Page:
Keeping up with the Eco-Jones’

The article goes on to say that the “peer pressure to conform to new parenting rules can be intense.” Peer pressure to keep your kids safe and healthy? Peer pressure to be mindful of how your everyday activities and purchases impact the environment? Maybe resistance to change comes from the fear that parents can no longer get away with being lazy. It really is a sad statement on society to think of how addicted so many people are to the culture of convenience. If it takes a few more minutes to do what is right, why bother? Let the next person be the sucker who saves the planet, and in the end you win because you have more time to drive your car and watch TV.

I am confident that my girls are not exposed to anything toxic in our home. They are content to play with their awesome wooden tree house and castle, and their hand made organic wool, lavender stuffed dolls. But when my daughters play with other children whose parents buy them toys made from unsafe plastics or other toxic substances, or who feed their kids processed and over packaged snacks, then it affects me. I don’t exactly sport a police hat and exclude families from playgroups and birthday parties because they have made different choices than me. But if by sharing my knowledge and beliefs, it means that other parents feel pressure to follow suit, then so be it. They will benefit, and most importantly so will their kids.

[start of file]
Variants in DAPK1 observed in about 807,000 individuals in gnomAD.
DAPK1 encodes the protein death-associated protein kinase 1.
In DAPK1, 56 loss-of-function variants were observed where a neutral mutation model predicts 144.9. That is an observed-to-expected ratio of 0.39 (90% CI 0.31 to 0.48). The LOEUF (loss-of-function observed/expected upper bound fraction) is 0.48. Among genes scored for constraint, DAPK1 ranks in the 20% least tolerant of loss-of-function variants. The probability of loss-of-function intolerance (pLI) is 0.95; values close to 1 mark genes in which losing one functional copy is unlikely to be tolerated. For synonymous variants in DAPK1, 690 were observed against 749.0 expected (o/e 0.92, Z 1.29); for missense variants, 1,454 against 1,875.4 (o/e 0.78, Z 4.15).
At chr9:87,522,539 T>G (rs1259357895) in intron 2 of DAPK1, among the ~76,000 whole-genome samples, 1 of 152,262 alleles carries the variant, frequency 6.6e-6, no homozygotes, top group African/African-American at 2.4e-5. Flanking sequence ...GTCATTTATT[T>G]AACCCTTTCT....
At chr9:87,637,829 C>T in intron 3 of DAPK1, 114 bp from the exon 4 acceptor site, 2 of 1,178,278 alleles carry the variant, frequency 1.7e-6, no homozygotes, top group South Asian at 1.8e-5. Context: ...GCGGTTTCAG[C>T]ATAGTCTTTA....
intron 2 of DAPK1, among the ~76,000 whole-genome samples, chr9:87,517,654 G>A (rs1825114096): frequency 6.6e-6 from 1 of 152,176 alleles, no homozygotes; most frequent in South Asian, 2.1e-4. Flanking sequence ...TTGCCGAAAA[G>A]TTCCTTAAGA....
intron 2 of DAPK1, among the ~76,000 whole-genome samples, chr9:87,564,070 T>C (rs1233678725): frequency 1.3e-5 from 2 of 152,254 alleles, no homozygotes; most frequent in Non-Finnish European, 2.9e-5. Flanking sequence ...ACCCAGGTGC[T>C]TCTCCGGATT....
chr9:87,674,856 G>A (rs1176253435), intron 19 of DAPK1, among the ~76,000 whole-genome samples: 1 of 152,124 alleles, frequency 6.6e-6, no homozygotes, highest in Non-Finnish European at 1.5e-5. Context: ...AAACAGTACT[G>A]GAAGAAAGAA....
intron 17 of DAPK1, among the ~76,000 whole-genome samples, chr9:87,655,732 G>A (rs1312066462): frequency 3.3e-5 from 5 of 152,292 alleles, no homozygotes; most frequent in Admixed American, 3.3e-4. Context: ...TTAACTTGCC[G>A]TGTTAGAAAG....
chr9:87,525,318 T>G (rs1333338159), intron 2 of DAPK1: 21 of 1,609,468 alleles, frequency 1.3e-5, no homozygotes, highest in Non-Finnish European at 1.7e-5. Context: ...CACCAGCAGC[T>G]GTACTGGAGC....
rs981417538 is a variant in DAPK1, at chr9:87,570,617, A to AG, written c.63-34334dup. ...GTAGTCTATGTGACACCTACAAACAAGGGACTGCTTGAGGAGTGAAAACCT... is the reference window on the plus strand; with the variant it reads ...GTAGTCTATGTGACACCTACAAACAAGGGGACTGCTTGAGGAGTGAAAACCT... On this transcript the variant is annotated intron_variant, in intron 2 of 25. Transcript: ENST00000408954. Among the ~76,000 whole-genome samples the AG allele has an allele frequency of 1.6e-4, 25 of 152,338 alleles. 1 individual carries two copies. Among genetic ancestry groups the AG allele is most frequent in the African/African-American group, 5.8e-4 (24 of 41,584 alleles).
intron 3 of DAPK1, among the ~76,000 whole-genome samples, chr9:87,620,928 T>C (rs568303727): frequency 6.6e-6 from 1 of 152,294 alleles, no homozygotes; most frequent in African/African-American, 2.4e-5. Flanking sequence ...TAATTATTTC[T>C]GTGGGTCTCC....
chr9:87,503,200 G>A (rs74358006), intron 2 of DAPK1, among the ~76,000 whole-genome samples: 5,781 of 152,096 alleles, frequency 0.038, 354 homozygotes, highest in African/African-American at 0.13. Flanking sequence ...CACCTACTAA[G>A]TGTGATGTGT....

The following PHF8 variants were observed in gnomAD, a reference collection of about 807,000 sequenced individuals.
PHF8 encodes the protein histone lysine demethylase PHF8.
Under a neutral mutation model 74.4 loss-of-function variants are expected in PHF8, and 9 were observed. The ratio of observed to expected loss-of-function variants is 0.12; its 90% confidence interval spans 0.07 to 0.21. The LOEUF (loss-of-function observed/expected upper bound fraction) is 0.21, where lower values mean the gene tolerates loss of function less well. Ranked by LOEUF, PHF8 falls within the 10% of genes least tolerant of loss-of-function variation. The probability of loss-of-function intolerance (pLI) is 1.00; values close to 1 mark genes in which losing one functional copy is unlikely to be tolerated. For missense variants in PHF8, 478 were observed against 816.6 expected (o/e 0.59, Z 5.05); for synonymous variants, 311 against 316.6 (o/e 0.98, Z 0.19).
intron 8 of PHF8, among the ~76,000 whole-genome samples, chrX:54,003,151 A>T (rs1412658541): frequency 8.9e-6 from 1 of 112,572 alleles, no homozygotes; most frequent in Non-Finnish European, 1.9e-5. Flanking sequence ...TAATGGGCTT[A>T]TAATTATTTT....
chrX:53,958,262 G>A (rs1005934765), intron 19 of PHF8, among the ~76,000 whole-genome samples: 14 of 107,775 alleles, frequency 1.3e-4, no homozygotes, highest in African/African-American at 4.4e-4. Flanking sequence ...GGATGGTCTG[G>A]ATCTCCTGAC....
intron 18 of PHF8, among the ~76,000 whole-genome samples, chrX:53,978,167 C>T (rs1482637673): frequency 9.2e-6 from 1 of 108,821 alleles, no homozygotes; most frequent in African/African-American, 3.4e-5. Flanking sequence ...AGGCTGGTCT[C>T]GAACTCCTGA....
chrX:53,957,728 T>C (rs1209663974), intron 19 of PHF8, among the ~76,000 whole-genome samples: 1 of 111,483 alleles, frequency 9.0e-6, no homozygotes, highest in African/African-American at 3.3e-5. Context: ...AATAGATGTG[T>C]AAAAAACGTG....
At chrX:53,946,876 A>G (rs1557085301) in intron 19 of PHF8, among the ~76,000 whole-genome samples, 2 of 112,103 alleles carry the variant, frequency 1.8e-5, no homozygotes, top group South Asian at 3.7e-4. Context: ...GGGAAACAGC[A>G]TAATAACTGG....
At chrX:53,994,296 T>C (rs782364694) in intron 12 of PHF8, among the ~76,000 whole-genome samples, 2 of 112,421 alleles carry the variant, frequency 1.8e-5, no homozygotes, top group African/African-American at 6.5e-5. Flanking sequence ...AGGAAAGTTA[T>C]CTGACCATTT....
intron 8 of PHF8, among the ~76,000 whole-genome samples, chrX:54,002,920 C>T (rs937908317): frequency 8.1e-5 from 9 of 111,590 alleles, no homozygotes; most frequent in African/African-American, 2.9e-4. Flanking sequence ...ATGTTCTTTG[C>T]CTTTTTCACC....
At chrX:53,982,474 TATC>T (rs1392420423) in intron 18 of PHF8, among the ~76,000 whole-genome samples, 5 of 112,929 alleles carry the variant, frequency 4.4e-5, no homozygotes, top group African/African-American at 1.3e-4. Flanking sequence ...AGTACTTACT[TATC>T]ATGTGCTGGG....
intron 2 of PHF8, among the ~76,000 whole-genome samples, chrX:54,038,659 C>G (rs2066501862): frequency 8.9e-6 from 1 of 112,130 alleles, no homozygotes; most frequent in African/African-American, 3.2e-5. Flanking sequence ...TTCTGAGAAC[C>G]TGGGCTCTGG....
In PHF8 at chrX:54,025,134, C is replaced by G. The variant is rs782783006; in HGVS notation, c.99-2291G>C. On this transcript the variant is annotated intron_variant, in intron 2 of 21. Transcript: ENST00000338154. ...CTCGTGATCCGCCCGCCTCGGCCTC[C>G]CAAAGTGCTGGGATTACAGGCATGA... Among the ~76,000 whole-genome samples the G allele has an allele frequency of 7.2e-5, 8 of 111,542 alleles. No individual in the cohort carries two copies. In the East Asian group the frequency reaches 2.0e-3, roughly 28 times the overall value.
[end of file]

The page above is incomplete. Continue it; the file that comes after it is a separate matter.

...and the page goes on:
It’s Easy to be Green!

What the author fails to miss is that making conscious choices about how we shop – what we feed our children, what they wear, play with – is actually pretty easy, with many options now available both online and at most of the places we already shop. The good media are usually keen to help spread awareness to this end, promoting the rising number of businesses who are offering eco friendly and non-toxic alternatives. This article however does the exact opposite. It acts as a deterrent for the families who may already be feeling discouraged to change their shopping behavior. It reinforces any doubts they may have had.  The author has clearly chosen to put her personal beliefs ahead of the safety of children, as it relates to toxic chemicals.

What I would have liked to see, what might have actually made this article more bearable, is an interview with a family who can speak to the fact that living an eco-conscious lifestyle was the worst thing they ever did. Find me a family that believed in it, worked hard at it, but found it was just too time consuming, exhausting and anxiety ridden to be worth their while.